Malaysia records third coronavirus death as cases surge beyond 1,000

A photo taken on Feb 3, 2020 shows a nurse checking the temperature of a visitor as part of the coronavirus screening procedure at a hospital in Kuala Lumpur.
A photo taken on Feb 3, 2020 shows a nurse checking the temperature of a visitor as part of the coronavirus screening procedure at a hospital in Kuala Lumpur.PHOTO: REUTERS

KUALA LUMPUR - Malaysia recorded another death from the coronavirus pandemic on Friday (March 20), as the number of cases in the country surged above 1,000.

This brings the total coronavirus deaths in the country to three. 

Health ministry director-general Noor Hisham Abdullah said the deceased was a 58-year-old man who had attended a mass religious gathering by the Tabligh missionary group held in late February at a mosque in the outskirts of Kuala Lumpur. 

He was admitted to Tawau hospital in Sabah on March 9 with severe acute respiratory infection symptoms. 

"He was put on respiratory support and admitted to the intensive care unit (ICU) on the same day," said Datuk Dr Noor Hisham.

"His health continued to deteriorate and he was confirmed dead on March 20 at 6.27pm," he said, in conveying his condolences to the man's family. 

Malaysia reported 130 new cases of coronavirus infection on Friday, sending the cumulative total to 1,030, as it grapples with the highest number of infections in South-east Asia. 

Of the new cases, 48 are linked to the Islamic gathering that attracted 16,000 participants, Reuters reported.

More than half of the cases in Malaysia stem from the religious event, which was attended by about 16,000 people, including Singapore and Brunei nationals.

Dr Noor Hisham also revealed that 15 healthcare workers have contracted the virus.

It is not known if the 15 are part of the new cases reported on Friday.


He said of the 15 infected healthcare workers,  12 are working with the ministry while three are from the private healthcare sector.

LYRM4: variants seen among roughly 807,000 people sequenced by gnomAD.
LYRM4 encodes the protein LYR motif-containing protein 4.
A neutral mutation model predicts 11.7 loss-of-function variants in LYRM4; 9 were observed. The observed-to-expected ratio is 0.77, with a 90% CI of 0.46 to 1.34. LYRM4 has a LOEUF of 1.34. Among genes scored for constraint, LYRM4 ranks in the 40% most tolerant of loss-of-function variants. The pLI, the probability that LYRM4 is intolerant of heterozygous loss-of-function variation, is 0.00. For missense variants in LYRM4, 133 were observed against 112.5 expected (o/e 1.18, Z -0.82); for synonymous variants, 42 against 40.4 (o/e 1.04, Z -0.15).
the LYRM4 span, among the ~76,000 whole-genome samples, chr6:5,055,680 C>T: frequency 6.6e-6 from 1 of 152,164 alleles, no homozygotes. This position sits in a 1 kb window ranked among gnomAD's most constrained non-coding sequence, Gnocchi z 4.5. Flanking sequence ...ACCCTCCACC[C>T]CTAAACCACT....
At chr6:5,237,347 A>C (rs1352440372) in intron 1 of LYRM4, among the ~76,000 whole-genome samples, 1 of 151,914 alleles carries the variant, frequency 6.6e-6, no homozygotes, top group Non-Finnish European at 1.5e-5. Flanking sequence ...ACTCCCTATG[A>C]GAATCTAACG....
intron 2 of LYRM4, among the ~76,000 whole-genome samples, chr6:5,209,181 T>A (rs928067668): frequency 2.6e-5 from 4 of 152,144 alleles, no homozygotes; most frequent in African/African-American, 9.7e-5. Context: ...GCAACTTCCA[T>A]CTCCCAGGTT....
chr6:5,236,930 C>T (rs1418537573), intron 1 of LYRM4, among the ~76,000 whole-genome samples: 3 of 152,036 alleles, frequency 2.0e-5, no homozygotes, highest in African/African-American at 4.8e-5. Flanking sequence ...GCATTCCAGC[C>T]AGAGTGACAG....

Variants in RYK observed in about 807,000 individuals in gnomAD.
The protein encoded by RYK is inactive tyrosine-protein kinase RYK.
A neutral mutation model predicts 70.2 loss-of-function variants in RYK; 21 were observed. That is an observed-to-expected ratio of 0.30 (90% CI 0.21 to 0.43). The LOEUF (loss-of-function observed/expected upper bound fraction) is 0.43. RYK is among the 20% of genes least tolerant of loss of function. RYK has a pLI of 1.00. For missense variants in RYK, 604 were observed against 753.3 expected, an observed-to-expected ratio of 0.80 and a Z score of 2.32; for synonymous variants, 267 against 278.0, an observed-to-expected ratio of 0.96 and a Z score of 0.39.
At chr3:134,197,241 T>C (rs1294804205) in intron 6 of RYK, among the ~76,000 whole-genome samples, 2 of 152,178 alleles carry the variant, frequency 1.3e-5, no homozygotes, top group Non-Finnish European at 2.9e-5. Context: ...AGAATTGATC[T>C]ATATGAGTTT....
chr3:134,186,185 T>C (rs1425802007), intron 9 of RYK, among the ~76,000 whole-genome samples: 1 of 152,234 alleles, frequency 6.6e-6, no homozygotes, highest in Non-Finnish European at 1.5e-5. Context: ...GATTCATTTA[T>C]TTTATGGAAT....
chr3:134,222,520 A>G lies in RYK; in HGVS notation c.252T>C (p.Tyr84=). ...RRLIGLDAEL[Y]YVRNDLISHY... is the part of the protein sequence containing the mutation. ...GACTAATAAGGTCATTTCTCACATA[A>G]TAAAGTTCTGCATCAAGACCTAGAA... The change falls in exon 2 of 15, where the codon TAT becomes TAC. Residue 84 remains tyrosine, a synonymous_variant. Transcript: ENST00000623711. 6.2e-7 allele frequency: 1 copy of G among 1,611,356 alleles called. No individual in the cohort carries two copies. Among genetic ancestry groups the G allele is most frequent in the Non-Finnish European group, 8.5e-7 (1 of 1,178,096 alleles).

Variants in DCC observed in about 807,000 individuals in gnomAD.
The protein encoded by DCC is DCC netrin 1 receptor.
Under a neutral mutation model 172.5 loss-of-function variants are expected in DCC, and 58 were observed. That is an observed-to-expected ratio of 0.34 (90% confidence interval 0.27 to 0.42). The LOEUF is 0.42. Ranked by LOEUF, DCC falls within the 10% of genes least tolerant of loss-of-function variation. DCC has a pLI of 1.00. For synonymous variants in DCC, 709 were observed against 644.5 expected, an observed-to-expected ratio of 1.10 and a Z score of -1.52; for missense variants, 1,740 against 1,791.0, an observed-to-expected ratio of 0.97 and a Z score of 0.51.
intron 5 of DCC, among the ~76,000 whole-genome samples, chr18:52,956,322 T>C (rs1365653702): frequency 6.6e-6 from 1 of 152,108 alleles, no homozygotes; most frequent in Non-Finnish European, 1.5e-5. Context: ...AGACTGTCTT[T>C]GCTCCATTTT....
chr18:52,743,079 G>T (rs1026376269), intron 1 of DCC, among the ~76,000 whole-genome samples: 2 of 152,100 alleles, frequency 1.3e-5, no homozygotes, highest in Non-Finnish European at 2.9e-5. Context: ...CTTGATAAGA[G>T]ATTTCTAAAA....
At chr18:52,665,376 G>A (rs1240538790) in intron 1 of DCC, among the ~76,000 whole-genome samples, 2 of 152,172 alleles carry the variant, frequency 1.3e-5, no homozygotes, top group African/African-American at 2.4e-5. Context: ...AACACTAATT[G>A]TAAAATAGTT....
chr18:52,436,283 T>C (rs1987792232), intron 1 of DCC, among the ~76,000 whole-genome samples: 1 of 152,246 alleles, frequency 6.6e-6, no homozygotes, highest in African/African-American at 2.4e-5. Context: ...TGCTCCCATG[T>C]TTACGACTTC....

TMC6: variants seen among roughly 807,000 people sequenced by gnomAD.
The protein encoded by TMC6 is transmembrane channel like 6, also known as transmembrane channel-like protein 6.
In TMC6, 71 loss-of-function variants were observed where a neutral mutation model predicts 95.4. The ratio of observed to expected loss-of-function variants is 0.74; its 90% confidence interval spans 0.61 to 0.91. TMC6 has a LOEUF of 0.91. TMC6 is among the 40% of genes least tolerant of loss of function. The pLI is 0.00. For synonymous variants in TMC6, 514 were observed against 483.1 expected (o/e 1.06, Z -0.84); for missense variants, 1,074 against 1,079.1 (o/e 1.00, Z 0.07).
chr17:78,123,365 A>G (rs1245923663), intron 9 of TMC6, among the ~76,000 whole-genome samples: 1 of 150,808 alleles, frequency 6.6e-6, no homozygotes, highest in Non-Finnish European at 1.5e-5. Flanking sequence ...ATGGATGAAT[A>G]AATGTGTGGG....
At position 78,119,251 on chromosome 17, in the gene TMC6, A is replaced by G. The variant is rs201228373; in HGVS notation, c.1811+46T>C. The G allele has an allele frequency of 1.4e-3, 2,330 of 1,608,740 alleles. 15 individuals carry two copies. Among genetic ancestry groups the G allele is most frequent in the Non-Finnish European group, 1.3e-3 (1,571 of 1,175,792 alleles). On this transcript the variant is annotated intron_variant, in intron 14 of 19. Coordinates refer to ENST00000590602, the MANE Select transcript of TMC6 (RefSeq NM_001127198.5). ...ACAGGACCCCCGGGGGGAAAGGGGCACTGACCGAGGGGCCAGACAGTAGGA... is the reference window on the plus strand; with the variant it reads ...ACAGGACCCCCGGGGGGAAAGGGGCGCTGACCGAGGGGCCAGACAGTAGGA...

He said one of the 12 is currently warded in an intensive care unit (ICU) and needed ventilator support.

"This virus knows no boundaries, regardless of your race, religion or wealth, even more so if you are a healthcare worker at the front line of this war," he said in his Facebook post.

"Our simple message to the public today: Please help us to help you. Stay at home."

Many Malaysians have been flouting the government's restricted movement order by eating out and taking their families to parks, despite warnings to disperse by the authorities and the country's leaders.

Malaysia on Wednesday rolled out the restricted movement order, which will be in place until March 31 to combat the coronavirus pandemic.


The order bans public gatherings, and all religious, sporting, social and cultural events.

Schools, universities and businesses will stay closed, but essential services such as supermarkets, banks and pharmacies will continue to operate during the two-week period.

Earlier on Friday, Defence Minister Ismail Sabri Yaakob said the military will be deployed from Sunday to help police enforce the government's order for people to stay at home.